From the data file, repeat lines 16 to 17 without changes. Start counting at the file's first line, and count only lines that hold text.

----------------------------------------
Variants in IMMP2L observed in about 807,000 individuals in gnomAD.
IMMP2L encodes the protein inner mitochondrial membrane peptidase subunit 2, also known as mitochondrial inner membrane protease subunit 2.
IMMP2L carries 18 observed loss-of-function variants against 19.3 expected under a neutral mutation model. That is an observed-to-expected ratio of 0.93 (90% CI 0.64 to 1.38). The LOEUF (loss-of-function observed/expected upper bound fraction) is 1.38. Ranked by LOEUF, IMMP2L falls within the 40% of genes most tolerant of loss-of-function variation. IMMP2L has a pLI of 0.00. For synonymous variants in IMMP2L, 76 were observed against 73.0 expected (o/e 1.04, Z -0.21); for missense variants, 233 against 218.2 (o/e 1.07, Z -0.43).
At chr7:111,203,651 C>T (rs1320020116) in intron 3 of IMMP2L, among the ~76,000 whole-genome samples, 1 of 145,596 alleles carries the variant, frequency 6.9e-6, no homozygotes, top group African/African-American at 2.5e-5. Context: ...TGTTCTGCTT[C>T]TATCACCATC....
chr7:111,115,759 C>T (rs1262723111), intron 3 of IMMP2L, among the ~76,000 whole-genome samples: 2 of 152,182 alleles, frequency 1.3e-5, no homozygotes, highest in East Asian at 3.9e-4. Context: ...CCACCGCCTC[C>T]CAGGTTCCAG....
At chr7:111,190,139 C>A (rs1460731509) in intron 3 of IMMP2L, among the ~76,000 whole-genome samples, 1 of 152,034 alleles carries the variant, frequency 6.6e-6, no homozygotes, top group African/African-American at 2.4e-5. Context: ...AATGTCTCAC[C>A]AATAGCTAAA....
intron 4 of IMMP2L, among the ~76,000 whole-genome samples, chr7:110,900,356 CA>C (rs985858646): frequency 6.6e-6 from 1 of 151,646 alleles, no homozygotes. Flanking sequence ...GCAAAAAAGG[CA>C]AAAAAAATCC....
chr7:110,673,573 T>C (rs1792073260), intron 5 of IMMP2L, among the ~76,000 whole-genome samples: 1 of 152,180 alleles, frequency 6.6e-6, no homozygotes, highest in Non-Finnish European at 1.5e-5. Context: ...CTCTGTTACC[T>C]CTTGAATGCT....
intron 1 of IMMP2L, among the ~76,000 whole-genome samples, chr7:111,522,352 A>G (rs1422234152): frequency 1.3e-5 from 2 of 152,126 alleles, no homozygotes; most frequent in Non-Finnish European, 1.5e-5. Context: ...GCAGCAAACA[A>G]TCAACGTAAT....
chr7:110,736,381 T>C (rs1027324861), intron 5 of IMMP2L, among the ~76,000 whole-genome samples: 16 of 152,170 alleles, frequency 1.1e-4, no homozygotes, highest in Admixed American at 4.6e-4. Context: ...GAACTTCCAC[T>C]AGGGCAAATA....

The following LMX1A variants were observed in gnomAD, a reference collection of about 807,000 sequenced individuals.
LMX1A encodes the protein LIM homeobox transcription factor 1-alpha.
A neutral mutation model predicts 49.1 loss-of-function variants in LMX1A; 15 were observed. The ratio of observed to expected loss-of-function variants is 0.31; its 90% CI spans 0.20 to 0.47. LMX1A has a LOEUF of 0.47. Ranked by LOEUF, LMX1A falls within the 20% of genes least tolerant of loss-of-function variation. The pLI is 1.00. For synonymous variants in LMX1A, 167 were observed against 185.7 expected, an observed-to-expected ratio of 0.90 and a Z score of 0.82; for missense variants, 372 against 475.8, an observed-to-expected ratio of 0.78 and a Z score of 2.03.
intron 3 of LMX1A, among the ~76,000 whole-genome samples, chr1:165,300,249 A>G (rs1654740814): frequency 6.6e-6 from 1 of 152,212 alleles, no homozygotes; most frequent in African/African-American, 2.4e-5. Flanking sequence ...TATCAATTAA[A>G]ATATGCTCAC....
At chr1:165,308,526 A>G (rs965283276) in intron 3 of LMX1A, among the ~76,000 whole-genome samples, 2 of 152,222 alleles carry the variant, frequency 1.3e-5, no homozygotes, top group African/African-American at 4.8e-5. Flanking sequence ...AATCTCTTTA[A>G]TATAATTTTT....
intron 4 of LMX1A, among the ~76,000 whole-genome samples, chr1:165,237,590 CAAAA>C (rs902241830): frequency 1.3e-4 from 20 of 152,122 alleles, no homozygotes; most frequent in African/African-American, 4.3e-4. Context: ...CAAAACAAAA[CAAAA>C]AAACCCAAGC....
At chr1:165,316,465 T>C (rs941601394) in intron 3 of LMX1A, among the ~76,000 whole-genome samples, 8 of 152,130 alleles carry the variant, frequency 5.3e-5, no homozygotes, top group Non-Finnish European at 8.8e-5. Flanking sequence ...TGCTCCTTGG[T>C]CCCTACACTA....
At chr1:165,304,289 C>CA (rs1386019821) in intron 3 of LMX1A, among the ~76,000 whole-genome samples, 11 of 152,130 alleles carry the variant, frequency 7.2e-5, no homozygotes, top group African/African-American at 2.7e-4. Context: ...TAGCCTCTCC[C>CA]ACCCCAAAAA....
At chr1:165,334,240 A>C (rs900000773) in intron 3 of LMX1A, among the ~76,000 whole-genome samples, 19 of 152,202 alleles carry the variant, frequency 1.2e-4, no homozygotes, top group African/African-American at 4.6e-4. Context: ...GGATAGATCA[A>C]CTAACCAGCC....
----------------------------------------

intron 4 of LMX1A, among the ~76,000 whole-genome samples, chr1:165,237,590 CAAAA>C (rs902241830): frequency 1.3e-4 from 20 of 152,122 alleles, no homozygotes; most frequent in African/African-American, 4.3e-4. Context: ...CAAAACAAAA[CAAAA>C]AAACCCAAGC....
At chr1:165,316,465 T>C (rs941601394) in intron 3 of LMX1A, among the ~76,000 whole-genome samples, 8 of 152,130 alleles carry the variant, frequency 5.3e-5, no homozygotes, top group Non-Finnish European at 8.8e-5. Flanking sequence ...TGCTCCTTGG[T>C]CCCTACACTA....